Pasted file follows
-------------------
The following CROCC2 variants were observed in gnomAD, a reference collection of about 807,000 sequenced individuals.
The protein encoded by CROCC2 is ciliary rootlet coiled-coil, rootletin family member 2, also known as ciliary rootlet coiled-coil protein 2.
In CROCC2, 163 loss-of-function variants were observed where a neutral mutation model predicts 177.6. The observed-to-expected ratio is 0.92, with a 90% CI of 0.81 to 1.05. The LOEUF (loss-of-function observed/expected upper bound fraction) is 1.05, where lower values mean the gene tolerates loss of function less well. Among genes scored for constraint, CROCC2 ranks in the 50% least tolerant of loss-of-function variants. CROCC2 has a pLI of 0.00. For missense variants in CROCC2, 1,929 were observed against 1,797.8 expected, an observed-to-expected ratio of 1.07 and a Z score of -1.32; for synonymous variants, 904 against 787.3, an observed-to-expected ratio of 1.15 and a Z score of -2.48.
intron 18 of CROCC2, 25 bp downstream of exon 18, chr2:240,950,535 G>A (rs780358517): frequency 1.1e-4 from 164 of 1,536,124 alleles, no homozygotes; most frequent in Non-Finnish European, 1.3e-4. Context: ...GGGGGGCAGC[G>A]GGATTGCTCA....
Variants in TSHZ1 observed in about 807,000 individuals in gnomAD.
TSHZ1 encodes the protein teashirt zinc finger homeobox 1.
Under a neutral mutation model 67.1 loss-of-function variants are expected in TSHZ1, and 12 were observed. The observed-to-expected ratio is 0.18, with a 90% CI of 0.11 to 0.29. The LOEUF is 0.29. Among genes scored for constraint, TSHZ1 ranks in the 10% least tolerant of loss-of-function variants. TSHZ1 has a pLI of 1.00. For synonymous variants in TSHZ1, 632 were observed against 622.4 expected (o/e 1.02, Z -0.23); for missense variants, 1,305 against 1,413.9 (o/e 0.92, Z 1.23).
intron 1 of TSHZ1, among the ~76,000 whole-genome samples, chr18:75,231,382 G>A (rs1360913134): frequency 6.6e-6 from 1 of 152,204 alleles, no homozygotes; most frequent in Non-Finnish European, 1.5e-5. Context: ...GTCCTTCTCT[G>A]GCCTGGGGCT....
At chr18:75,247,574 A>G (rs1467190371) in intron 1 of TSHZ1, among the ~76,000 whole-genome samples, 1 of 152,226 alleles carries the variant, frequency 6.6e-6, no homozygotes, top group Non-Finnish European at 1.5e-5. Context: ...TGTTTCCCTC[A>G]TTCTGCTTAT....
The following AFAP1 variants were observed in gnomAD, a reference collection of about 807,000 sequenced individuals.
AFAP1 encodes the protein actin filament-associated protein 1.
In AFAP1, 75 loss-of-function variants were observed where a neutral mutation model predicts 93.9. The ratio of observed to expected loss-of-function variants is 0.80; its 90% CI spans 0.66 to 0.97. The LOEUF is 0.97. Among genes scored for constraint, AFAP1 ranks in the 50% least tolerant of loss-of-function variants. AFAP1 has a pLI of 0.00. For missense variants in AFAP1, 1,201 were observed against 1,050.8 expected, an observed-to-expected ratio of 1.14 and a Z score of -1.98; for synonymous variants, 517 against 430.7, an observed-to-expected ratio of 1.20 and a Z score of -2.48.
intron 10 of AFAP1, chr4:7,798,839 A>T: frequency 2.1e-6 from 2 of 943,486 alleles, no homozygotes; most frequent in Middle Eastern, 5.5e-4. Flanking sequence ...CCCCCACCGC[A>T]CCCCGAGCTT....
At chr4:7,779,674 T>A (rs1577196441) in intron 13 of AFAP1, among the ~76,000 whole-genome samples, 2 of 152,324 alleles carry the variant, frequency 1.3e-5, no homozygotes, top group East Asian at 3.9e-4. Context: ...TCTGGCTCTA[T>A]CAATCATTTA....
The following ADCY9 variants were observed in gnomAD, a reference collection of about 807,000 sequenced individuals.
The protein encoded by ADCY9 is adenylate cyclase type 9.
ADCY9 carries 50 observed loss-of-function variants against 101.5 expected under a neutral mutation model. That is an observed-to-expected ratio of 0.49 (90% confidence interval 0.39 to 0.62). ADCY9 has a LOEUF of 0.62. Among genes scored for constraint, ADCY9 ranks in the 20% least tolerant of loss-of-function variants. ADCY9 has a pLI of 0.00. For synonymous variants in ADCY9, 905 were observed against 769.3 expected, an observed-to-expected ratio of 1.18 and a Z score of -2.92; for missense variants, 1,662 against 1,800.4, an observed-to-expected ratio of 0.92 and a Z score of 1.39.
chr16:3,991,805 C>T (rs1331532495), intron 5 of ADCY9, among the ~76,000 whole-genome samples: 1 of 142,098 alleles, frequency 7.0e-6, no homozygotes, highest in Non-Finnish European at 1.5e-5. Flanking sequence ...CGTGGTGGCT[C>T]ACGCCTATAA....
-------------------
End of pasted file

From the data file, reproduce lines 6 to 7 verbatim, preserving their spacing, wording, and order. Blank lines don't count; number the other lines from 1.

TSHZ1 encodes the protein teashirt zinc finger homeobox 1.
Under a neutral mutation model 67.1 loss-of-function variants are expected in TSHZ1, and 12 were observed. The observed-to-expected ratio is 0.18, with a 90% CI of 0.11 to 0.29. The LOEUF is 0.29. Among genes scored for constraint, TSHZ1 ranks in the 10% least tolerant of loss-of-function variants. TSHZ1 has a pLI of 1.00. For synonymous variants in TSHZ1, 632 were observed against 622.4 expected (o/e 1.02, Z -0.23); for missense variants, 1,305 against 1,413.9 (o/e 0.92, Z 1.23).